## finding the rest of the flag

The rest of the flag can be obtained by writing each subsequent $y_k$ as $y_0 + n_k$, where $n_k$ is some small value. Then, we can try finding small roots of the polynomial $f(n) = (y_0 + n)^{2} - c_k$, where if a small root exists, we know the bit is a 1, otherwise it is a 0. We could also check if small roots exist for $f(n) = x(y_0 + n)^{2} - c_k$, to double check the bit is a 0, but I decided not to.

Solve script below.

```
from Crypto.Util.number import *
from tqdm import tqdm
exec(open('output.txt').read())
def resultant(f1, f2, var):
return Matrix(f1.sylvester_matrix(f2, var)).determinant()
pgcd = lambda g1, g2: g1.monic() if not g2 else pgcd(g2, g1%g2)
P.<y, k> = PolynomialRing(Zmod(n))
p1 = x * y^2 - enc[0]
p2 = (y + k)^2 - enc[1]
p3 = resultant(p1, p2, y)
k = min(p3.univariate_polynomial().monic().small_roots())
P.<y> = PolynomialRing(Zmod(n))
p1 = x * y^2 - enc[0]
p2 = (y + k)^2 - enc[1]
p4 = pgcd(p1, p2)
y = n - p4.coefficients()[0]
flag = 0
P.<k> = PolynomialRing(Zmod(n))
for c in tqdm(enc[::-1]):
flag <<= 1
poly = x * (y+k)^2 - c
if len(poly.monic().small_roots()):
flag += 1
print(long_to_bytes(flag))
```

#### Flag: `hope{r4nd0m_sh0uld_b3_truly_r4nd0m_3v3ry_t1m3_sh0uld_1t_n0t?}`

# challenge creation

The final version of this challenge is mostly based on the Coppersmith Short-Pad attack, which is an attack used when the difference between two messages is small, due to short padding for example. The attack works similar to the challenge: rewrite the messages as $y, y + d$ and use resultants to eliminate $y$, leaving a polynomial with $d$ as a small root, which can be solved for with Coppersmith. The resulting $y$ can be determined using polynomial-GCD once $d$ is recovered.

Originally, I did not mean for this to be based off the Coppersmith Short-Pad attack, but rather just a challenge that could be solved using polynomial GCD. I chose to do it like this:

```
def gm_encrypt(msg, n, x):
y = getRandomRange(0, n)
enc = []
while msg:
bit = msg & 1
msg >>= 1
enc.append((pow(y, 2) * pow(x, bit)) % n)
y += 1
return enc
```

Since $d$ is known, this can be solved using polynomial GCD. The issue is that the differences between $y_k^{2}$ values is very close, as:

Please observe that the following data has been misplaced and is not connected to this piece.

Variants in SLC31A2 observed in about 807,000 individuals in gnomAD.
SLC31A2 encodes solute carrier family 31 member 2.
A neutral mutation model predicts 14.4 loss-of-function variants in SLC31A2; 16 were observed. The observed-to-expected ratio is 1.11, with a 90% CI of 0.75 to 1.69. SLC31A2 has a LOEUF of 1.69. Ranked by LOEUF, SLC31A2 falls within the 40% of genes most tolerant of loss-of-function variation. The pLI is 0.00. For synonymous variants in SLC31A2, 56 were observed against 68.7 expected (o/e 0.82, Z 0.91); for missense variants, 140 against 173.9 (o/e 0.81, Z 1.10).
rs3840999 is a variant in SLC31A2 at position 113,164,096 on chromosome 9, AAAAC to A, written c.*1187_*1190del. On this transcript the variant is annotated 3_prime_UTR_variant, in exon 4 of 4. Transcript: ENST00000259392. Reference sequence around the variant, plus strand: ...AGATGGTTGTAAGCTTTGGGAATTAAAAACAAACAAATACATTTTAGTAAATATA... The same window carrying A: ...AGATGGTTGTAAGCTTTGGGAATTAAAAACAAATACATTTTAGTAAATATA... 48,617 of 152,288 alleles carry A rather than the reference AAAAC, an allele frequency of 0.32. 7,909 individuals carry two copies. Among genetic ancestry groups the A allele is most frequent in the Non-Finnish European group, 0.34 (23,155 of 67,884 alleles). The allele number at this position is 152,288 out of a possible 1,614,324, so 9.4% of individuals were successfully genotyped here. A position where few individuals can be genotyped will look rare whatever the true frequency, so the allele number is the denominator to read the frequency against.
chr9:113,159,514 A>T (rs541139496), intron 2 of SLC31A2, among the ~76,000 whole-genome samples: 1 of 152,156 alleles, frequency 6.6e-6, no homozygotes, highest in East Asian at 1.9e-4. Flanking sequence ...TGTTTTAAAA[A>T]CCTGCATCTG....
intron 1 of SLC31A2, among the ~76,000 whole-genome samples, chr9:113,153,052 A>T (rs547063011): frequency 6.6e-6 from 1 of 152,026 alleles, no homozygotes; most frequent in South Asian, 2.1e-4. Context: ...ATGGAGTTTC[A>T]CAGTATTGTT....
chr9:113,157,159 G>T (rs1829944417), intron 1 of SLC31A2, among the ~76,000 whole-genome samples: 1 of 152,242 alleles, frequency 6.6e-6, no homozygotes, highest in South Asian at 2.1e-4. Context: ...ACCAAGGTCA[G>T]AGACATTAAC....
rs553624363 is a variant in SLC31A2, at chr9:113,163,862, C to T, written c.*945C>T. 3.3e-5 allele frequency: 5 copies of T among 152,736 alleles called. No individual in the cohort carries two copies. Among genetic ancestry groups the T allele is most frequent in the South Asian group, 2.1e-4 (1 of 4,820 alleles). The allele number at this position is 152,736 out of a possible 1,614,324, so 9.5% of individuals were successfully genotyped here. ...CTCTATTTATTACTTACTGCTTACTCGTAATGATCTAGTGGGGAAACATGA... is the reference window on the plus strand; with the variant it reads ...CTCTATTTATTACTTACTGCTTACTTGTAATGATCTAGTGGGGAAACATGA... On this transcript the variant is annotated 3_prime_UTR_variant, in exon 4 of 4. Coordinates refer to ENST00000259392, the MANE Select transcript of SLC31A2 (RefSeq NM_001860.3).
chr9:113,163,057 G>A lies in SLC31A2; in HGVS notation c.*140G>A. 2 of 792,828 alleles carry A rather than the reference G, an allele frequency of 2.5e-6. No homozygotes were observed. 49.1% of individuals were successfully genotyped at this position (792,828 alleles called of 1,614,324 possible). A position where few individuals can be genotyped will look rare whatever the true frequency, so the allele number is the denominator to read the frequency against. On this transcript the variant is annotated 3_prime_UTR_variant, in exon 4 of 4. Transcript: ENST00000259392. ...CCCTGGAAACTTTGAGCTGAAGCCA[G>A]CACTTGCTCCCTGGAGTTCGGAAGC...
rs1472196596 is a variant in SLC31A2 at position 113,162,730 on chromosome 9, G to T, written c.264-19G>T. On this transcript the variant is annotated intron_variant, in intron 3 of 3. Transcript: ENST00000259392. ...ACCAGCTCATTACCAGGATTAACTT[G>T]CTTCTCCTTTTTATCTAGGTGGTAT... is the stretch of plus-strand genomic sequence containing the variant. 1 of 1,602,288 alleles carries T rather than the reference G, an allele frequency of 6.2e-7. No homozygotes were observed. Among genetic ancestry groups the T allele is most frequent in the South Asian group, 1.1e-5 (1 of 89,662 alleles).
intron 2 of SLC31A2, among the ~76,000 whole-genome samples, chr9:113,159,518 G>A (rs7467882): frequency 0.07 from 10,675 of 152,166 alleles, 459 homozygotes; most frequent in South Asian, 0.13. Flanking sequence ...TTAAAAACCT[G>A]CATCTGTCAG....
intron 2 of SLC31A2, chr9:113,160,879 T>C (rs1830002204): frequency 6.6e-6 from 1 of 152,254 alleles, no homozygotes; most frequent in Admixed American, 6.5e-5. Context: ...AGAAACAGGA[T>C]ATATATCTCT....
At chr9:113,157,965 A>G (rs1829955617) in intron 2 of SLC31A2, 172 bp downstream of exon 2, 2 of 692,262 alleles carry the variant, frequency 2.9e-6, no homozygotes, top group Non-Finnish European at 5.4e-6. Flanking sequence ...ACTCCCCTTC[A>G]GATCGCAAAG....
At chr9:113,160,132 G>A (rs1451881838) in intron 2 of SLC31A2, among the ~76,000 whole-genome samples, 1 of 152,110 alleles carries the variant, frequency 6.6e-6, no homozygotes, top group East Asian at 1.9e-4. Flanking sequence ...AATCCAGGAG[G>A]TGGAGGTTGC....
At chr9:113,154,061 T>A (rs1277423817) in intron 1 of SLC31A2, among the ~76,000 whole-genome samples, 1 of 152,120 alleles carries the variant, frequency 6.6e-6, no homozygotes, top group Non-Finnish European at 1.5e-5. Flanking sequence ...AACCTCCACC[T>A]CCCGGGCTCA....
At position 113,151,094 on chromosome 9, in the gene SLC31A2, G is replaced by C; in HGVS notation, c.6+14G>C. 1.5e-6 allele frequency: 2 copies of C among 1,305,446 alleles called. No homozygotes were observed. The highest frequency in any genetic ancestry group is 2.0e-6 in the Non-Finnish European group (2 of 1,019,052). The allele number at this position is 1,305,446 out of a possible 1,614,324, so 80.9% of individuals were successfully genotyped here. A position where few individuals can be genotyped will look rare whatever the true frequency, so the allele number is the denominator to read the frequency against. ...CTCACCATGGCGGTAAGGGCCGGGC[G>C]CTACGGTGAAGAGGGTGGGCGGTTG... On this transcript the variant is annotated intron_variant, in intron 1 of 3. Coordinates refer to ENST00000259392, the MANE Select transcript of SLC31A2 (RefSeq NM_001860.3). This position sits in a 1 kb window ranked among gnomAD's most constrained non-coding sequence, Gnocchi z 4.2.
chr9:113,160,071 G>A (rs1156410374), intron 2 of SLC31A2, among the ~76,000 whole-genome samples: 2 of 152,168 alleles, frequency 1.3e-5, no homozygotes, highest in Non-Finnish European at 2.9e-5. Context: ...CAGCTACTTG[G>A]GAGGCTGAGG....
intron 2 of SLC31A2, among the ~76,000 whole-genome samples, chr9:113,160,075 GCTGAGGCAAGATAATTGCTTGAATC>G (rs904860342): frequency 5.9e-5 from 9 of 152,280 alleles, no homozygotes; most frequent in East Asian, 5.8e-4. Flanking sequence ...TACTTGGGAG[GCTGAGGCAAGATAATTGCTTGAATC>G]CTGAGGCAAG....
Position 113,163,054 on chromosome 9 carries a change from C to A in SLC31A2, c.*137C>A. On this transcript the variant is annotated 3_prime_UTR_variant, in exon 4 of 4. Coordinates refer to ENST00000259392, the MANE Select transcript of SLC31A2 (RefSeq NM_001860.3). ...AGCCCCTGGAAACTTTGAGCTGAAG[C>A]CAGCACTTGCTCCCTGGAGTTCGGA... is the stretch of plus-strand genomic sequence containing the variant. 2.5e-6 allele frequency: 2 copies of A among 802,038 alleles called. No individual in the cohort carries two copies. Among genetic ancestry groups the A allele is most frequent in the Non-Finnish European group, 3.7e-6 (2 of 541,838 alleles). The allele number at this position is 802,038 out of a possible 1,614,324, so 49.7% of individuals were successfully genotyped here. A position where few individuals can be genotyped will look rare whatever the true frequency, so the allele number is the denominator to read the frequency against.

\[(y + 1)^2 - y^{2} = 2y + 1\]This means that we can just look at the differences between $c_k$ values and see which differences are very close together, in which case we know the two bits in question are both 0. If we find some differences which are very close, $y$ can be recovered, and then the rest of the flag is also easily recovered too.

In fact, this works even when the added thing is unknown but remains constant, but again has this rather simple solution.

Eventually, I decided to add a small, but bruteforceable value:

```
def gm_encrypt(msg, n, x):
y = getRandomRange(0, n)
enc = []
while msg:
bit = msg & 1
msg >>= 1
enc.append((pow(y, 2) * pow(x, bit)) % n)
y += getRandomRange(0, 2**16)
return enc
```

which is basically the same as the current version, except instead of finding $d$ by resultants + Coppersmith, you can just bruteforce it and try polynomial GCD for all possible $d$.

Finally, I realised that you don’t actually need to bruteforce $d$, and you can solve for it for Coppersmith. Since I felt this made it a more interesting challenge, I stuck with it, and I’m pretty pleased with how it turned out, as several people commented how they enjoyed the challenge and found it interesting.

If you did enjoy this challenge (and you are reading this shortly after this post comes out), be sure to check out corCTF 2022, where I’ll also be writing some (hopefully fun!) challenges.

Of course, there was one thing I slightly messed up on, which was setting the modulus $n$ to be 512 bits, and it is theoretically possible to use faas for about $100… as shown below:

## alternative “solution”

credit to kalmarunion

(no, you were not meant to factor it)